The row had reached the House of Commons after the kick-off for the Championship clash was put back to 5.20pm to allow the game to be televised, and concern over policing costs and potential crowd control issues led police to rule that Hull fans would only be admitted to the ground if they travel on official club transport.
But today, police agreed that supporters would be allowed to travel independently to a park and ride side at Hartshead Moor services on the M62.
They also agreed to raise the Hull fans’ ticket allocation for the March 30 match from 1,500 to 1,700.
West Yorkshire assistant chief constable Craig Guildford, said: “We have listened carefully to the concerns of fans and those who have raised concerns on their behalf.
“Consequently the transport arrangements have been modified to facilitate free parking in West Yorkshire for fans wishing to travel independently. This will be at the Hartshead Moor services between junctions 25 and 26 of the M62 and will be stewarded by Hull City officials who have agreed to provide tickets at the services on the day to Hull City fans who reside outside the area.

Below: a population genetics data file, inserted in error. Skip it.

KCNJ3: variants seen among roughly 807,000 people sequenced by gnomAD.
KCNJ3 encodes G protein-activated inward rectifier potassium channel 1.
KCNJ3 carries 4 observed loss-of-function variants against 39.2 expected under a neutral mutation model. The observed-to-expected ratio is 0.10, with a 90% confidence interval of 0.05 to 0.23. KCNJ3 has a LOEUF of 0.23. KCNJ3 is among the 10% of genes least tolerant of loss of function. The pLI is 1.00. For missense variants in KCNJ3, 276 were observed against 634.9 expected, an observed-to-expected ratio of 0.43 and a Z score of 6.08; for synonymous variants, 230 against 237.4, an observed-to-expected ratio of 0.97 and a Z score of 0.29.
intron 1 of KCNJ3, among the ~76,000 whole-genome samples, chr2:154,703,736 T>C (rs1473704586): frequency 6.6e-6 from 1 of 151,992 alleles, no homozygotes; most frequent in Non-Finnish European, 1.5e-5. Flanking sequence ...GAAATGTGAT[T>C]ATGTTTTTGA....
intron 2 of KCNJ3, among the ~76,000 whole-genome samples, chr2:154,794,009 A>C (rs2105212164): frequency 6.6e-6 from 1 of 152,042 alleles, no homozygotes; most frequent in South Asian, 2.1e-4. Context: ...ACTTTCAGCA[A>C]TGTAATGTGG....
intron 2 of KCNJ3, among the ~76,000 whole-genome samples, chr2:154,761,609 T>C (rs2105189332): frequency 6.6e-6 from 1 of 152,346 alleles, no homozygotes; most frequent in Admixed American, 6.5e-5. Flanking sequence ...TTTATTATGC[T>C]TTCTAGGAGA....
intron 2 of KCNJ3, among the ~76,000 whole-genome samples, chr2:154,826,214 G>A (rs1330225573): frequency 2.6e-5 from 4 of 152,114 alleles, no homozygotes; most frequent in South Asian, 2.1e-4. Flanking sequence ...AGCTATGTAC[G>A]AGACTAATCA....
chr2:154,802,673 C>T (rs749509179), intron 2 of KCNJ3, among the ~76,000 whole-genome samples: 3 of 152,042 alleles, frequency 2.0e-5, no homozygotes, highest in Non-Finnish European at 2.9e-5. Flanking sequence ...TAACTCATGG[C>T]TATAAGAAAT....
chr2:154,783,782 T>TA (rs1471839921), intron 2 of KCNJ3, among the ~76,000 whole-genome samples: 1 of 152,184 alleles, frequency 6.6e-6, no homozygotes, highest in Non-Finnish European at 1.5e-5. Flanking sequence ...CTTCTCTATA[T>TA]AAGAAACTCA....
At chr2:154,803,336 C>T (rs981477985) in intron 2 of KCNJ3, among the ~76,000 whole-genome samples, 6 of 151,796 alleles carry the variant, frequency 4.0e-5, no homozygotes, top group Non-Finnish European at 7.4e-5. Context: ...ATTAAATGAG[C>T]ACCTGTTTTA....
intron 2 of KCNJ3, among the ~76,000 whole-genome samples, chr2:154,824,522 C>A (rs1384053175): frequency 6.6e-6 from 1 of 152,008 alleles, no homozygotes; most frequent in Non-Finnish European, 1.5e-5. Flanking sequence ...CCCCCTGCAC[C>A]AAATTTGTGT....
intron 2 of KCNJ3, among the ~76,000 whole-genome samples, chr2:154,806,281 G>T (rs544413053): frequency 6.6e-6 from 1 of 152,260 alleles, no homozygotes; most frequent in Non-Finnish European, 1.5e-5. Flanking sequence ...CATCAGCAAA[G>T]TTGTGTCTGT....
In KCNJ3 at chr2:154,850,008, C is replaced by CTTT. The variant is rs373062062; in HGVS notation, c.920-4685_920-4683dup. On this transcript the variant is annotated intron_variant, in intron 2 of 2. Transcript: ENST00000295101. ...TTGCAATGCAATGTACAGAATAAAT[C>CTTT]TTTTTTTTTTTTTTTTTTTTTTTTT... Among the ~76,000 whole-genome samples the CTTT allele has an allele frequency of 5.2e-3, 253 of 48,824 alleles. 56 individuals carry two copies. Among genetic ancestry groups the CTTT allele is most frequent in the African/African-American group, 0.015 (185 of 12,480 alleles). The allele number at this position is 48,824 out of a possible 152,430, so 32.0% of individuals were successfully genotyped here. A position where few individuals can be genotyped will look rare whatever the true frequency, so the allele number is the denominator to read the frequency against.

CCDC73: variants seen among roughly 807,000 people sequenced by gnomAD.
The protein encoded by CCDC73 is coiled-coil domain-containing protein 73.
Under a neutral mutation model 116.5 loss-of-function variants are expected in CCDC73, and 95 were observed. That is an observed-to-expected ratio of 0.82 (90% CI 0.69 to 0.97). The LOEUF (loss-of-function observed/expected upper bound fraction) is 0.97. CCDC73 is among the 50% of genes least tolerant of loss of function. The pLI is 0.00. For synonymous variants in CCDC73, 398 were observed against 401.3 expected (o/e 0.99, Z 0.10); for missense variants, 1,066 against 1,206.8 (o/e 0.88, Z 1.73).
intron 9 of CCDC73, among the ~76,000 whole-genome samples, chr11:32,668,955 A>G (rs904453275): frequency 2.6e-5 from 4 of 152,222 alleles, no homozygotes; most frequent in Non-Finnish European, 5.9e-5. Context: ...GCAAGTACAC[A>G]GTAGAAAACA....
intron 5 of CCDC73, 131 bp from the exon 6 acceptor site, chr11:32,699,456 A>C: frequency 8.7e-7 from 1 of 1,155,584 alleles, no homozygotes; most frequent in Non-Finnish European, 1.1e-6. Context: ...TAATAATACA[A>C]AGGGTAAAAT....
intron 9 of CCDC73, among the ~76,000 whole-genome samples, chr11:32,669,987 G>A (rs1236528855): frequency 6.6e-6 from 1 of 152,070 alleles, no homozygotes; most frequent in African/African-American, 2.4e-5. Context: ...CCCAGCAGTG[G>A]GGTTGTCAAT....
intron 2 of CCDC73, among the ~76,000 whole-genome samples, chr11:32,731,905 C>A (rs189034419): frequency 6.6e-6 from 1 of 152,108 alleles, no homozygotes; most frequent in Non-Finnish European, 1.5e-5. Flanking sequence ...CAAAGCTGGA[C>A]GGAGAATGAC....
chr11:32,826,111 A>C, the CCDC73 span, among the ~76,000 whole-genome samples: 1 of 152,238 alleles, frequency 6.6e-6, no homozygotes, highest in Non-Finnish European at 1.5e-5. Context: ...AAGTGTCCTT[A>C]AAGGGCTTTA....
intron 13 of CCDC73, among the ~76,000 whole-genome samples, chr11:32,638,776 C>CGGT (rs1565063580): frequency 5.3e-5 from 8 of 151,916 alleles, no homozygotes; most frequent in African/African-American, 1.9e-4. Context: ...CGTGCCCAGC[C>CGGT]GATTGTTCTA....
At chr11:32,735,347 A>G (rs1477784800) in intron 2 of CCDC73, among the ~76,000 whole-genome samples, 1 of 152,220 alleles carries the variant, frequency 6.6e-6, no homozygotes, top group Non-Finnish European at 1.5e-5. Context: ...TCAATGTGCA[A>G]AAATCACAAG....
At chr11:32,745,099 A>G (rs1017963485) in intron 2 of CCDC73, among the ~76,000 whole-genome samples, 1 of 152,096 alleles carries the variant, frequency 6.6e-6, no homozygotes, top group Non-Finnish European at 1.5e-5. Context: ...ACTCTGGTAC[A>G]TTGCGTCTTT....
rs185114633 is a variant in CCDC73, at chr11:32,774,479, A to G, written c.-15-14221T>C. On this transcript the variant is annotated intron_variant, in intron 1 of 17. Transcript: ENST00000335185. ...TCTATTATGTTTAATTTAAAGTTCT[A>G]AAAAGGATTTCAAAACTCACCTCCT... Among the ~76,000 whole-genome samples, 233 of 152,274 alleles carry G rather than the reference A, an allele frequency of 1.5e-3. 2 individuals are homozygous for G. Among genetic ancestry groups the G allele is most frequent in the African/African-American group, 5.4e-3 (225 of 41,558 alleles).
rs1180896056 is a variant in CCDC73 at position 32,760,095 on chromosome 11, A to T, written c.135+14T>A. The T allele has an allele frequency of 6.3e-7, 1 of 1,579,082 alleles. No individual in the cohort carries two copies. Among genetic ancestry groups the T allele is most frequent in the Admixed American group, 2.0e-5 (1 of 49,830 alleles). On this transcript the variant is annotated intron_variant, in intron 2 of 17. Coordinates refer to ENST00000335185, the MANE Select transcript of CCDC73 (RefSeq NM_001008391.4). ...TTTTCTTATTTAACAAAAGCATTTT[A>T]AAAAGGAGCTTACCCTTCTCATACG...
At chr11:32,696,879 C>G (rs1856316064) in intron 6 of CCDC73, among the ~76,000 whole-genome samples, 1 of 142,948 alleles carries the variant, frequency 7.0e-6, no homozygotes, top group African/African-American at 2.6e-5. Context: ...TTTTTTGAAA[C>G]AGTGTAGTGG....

“Once they have collected their tickets, those fans will be taken to the ground on buses provided by Hull City. Local arrangements will be made to accommodate a small number of Hull fans who live in Huddersfield and for those who have already purchased train tickets.”
He added that disabled fans would be able to make “normal travel arrangements”.
Hull City said in a statement: “This is not the ideal solution for the club or its fans. However, with a further increase in the ticketing allocation to 1,700, we believe this is the most practical and safest solution available to ensure that the team enjoys its usual travelling support in an important game. Tiger Travel will depart from the KC Stadium, and will be stopping at both Goole and Ferrybridge services en route to the rendezvous point at Hartshead Moor services. Timings will be released in due course.”
Earlier this week, Hull North Labour MP Diana Johnson, the Shadow Crime and Security Minister, raised the issue in the Commons, asking for a debate on “sensible guidelines” for police forces considering such restrictions.
One City fan, 15-year-old Louis Cooper from Manchester, had instructed lawyers to challenge the restrictions, claiming they would force him to miss the game.